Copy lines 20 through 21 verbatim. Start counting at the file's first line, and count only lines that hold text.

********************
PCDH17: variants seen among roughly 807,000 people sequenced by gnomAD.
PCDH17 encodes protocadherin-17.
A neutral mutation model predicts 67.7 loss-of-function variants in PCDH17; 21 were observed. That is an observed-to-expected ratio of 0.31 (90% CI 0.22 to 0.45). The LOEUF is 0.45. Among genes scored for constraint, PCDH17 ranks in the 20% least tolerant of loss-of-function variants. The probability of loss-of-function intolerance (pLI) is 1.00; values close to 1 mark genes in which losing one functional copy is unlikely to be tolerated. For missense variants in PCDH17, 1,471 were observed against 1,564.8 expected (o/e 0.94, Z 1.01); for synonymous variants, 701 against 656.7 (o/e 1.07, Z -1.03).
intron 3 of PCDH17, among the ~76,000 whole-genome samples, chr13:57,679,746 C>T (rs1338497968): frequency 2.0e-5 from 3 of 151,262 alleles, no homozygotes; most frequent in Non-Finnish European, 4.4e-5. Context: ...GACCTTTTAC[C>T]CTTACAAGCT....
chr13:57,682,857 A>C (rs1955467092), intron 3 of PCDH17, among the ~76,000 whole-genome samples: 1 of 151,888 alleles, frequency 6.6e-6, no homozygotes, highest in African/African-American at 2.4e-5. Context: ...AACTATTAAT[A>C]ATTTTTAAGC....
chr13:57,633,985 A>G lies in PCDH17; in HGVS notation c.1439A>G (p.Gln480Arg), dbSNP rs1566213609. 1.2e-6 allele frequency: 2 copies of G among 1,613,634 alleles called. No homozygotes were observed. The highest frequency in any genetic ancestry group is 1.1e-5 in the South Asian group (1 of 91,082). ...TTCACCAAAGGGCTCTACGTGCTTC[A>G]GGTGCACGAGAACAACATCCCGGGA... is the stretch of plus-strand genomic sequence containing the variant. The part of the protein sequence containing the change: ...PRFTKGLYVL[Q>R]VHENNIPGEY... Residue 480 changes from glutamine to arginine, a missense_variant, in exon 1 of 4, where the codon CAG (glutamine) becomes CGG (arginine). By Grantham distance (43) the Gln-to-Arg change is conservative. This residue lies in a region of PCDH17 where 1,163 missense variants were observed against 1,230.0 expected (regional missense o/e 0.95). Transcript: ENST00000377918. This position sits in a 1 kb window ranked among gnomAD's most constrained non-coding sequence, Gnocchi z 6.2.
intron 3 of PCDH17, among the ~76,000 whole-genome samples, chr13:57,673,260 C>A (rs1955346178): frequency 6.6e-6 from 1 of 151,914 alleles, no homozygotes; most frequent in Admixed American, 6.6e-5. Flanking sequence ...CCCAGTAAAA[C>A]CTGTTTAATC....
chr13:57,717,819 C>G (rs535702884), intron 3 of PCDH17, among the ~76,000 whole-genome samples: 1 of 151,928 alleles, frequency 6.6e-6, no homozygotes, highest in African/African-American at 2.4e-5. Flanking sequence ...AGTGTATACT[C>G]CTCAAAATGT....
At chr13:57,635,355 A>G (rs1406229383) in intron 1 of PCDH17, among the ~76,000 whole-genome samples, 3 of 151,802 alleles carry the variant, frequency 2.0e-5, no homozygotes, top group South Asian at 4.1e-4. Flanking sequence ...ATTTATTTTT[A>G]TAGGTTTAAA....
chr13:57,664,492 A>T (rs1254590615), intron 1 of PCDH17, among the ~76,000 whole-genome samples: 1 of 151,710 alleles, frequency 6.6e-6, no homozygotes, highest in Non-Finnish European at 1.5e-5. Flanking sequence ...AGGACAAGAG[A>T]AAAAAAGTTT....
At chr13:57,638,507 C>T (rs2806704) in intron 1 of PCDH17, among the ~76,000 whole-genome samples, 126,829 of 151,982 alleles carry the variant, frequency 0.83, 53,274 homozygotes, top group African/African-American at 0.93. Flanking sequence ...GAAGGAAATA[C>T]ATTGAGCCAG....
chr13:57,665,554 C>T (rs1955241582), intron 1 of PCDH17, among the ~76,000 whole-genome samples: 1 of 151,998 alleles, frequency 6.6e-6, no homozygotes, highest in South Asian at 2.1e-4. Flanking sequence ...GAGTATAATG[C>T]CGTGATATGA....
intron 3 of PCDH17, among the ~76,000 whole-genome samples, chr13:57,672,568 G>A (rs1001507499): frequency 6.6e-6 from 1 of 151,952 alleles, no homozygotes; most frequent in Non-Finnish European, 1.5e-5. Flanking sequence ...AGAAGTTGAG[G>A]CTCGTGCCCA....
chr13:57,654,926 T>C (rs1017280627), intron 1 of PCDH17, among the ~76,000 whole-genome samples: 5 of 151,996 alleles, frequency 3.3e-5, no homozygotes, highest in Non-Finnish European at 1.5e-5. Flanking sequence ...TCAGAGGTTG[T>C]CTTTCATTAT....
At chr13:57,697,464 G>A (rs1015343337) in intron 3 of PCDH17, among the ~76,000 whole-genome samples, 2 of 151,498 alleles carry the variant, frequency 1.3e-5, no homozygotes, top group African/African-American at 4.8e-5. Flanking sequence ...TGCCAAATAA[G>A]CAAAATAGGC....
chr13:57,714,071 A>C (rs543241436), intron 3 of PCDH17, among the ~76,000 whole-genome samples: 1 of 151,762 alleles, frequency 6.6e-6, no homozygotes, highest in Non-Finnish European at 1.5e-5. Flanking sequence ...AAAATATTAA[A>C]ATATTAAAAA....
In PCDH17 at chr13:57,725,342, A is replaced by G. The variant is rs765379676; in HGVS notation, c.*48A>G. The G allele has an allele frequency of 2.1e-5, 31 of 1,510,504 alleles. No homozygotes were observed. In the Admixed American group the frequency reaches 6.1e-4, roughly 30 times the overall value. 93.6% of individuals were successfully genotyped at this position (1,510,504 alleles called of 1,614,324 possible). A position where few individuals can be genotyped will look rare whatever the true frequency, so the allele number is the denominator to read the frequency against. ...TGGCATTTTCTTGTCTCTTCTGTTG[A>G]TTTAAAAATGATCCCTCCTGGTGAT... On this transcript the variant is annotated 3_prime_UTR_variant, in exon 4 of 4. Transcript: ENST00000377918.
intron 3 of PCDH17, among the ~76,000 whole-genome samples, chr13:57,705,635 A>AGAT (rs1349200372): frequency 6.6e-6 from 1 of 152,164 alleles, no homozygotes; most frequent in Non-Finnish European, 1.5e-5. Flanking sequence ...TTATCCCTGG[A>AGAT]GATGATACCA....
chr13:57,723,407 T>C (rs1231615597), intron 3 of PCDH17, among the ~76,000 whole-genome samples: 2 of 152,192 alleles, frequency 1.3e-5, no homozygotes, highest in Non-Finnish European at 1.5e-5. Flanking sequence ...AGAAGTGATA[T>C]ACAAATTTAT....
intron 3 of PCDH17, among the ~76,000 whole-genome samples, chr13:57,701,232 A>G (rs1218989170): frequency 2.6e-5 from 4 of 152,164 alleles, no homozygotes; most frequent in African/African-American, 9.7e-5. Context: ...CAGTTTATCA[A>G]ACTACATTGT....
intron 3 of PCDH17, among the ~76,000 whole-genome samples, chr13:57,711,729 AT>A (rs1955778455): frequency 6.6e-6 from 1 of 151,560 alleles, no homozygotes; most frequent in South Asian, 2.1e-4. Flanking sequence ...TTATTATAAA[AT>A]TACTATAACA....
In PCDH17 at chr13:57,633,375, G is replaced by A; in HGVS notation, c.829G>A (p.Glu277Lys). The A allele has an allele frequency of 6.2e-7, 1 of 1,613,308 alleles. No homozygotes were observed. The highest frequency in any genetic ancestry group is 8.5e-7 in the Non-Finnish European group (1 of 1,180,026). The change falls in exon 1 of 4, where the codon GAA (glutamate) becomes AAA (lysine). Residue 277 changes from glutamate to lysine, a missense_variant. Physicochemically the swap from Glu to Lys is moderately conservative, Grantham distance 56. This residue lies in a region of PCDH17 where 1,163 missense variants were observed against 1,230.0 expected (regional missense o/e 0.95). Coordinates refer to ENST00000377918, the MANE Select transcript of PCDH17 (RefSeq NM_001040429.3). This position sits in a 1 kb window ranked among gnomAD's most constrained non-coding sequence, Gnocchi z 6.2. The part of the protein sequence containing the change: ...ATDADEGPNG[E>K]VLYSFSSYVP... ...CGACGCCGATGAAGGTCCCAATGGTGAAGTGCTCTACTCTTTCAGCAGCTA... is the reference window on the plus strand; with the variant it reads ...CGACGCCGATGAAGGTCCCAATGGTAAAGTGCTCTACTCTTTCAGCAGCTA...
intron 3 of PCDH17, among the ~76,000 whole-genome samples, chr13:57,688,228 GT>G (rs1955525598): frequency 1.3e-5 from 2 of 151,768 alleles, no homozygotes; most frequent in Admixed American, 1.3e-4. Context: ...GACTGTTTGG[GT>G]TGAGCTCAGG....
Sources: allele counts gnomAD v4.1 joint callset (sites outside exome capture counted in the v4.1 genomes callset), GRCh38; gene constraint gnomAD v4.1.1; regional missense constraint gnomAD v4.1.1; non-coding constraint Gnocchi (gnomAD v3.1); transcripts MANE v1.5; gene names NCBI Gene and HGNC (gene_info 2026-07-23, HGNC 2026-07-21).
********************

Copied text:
intron 3 of PCDH17, among the ~76,000 whole-genome samples, chr13:57,701,232 A>G (rs1218989170): frequency 2.6e-5 from 4 of 152,164 alleles, no homozygotes; most frequent in African/African-American, 9.7e-5. Context: ...CAGTTTATCA[A>G]ACTACATTGT....
intron 3 of PCDH17, among the ~76,000 whole-genome samples, chr13:57,711,729 AT>A (rs1955778455): frequency 6.6e-6 from 1 of 151,560 alleles, no homozygotes; most frequent in South Asian, 2.1e-4. Flanking sequence ...TTATTATAAA[AT>A]TACTATAACA....